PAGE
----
The Great Fisheye Hunt

      Three tales of finish fisheyes found and fixed, with ideas on preventing them. 1998.

by Rick Hill

In finishing, one of the most frustrating problems can be finding the source of fisheyes. Also known as craters, these appear when some sort of oil or silicone has contaminated the finish of the wood. This contamination appears as a round crater or fisheye in the topcoat and is caused by a different surface tension in the finish than on the spot of contamination. In other words, the silicone or oil has more slip than the finish, so the finish pulls or slides away from the spot of oil, leaving a round looking "fisheye."

Here is a compilation of three fisheye hunting expeditions I have been on recently. These cases should help you to set up a few precautions to prevent or cure the problem in your shop.

Hunt # 1 White Enamel Doors
This shop is coating white enamel doors using a primer, sealer and topcoat over MDF. The fisheyes were appearing in the topcoat, so it was assumed that there was a problem in the finish from the supplier. This was not the case. Because the primer and sealer coats have a lot of fiber/grain to stick to, they won't slide off the oil spot. Fisheyes don't appear until you apply the topcoats or have filled the grain completely. That's why they always seem to be in the topcoat.

The shop has an excellent reputation for cleanliness in their spray area, because of all the white enamel they do. They are also very aware of how silicone problems happen, so I was surprised that the problem was occurring here. If you have sprayed enamels like white (or even worse, black) you know they show every speck of dirt and lint in the shop. Shops that spray a lot of enamel doors are often considered the better educated finishers in the market.

I asked the usual questions about fisheye: Had they changed the oil filter in their compressor line? Had they cleaned out the hoses and guns after the filter change? Are they using any silicone sprays or caulks in their shop for tool blade lubrication, or putty? Silicone is the worst offender, because it stays airborne in minute particles. It floats around the shop landing on wood, tools, and equipment. ( In another unrelated instance, a company that applied silicone caulk in laminate cabinets on one end of a 40,000 sq. ft. warehouse experienced fisheyes on the other end in the spray room. They eliminated the caulk and the fisheyes disappeared.)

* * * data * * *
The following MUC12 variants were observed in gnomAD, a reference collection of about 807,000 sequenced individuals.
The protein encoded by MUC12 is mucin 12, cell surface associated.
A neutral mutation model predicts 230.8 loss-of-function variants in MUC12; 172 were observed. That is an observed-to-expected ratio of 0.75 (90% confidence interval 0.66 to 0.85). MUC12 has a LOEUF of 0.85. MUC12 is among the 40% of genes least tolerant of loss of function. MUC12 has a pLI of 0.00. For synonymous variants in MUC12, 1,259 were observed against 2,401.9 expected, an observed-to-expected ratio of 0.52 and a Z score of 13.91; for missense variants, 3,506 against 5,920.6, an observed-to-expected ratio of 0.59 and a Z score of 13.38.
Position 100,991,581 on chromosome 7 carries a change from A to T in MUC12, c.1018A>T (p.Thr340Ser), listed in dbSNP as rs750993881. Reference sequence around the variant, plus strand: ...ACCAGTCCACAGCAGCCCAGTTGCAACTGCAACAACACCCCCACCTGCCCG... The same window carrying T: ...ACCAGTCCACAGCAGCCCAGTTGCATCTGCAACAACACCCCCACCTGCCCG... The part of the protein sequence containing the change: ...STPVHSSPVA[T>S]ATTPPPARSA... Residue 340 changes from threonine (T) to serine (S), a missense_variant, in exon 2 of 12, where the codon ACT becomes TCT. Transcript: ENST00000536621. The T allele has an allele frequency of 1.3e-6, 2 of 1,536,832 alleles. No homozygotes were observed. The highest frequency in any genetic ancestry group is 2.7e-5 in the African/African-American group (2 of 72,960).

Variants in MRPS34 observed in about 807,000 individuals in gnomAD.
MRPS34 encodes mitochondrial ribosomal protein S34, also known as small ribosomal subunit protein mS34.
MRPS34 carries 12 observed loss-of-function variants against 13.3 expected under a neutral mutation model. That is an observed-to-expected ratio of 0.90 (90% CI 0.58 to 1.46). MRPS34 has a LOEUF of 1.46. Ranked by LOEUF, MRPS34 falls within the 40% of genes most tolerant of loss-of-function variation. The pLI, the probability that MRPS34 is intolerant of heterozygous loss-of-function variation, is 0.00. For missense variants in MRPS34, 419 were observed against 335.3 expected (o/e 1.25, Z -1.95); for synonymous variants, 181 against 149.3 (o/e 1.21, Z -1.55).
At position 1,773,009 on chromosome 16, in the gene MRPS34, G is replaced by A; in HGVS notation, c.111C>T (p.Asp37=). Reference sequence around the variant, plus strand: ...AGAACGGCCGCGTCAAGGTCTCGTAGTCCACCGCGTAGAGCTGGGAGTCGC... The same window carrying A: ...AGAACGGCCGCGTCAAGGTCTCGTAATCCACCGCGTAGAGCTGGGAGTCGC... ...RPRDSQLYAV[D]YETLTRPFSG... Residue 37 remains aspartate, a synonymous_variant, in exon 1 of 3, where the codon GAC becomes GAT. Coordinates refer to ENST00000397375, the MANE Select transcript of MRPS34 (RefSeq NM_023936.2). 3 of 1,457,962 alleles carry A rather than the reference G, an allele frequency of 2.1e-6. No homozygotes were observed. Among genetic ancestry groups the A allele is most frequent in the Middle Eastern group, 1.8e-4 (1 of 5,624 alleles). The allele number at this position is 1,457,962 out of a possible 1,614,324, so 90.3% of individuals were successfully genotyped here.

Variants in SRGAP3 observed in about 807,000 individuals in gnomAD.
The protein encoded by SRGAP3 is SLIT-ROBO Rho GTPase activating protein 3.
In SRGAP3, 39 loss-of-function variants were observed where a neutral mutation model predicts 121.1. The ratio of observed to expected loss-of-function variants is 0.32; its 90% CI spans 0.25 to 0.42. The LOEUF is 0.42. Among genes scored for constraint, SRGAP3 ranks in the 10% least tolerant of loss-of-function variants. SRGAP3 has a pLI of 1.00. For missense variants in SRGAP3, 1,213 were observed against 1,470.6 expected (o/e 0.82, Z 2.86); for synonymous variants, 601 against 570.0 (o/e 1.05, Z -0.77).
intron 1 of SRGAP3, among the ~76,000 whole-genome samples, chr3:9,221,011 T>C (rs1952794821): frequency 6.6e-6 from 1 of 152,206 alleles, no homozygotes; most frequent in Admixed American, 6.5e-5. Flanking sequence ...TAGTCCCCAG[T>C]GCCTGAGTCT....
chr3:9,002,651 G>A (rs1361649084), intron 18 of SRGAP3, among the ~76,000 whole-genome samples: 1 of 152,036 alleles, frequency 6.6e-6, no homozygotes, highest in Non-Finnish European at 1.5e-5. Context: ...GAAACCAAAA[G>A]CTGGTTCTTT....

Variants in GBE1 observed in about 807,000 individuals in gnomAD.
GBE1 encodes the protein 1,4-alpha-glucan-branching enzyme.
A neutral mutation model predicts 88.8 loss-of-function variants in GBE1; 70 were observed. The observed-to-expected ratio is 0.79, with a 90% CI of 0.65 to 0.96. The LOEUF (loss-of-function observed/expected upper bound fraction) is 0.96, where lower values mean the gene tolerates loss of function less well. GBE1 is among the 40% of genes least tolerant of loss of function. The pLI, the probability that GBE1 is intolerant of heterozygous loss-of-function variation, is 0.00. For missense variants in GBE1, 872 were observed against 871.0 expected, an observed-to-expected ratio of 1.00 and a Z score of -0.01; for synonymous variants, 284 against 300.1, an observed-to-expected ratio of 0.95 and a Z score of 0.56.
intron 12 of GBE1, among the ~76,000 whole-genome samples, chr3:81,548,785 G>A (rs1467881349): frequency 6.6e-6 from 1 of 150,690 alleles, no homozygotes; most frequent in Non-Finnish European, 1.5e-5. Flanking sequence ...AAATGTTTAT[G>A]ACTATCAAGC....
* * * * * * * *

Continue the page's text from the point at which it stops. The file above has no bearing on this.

After eliminating the most likely causes of the problem, I visited the shop for a fisheye hunt. They first thing I did was to dust the raw board with talcum powder (talcum powder will stick to the fisheye). No fisheyes appeared after dusting the raw board. If they had, I would have known that the board coming into the shop was contaminated from the board supplier. It is not uncommon for board mills to use tool lubricants that transfer from the cutting tool to the wood. These lubricants can cause fisheyes. Remember that most oils are a culprit, so things containing oil could cause the problem.

The in-house finishing system on this job uses an air compressor. Air compressors tend to leak oil and the oil filters don't always catch all of the contaminant. To eliminate this variable I cleaned the gun and line with a fast solvent like MEK. This gets all the oil out of the line and I know that I may have eliminated one possible cause. To further verify that the lines are clean, I bring a separate small turbine unit with my own gun and spray a few step boards with that system as well as a few boards with the in-house system. If fisheyes show up on the boards sprayed with the in-house system, but not with my turbine, I know the in-house finishing line is a possible culprit.

For the next step, I used a fresh can of finish from the same supplier on one board. On another board I used a can of finish from their shop (also the same supplier) and on a third board I sprayed the same type of finish from a different supplier. On the fourth board I sprayed the fresh finish I had brought, through my gun and turbine. All showed fisheyes. After spraying with both systems I put the step boards on the rack to dry.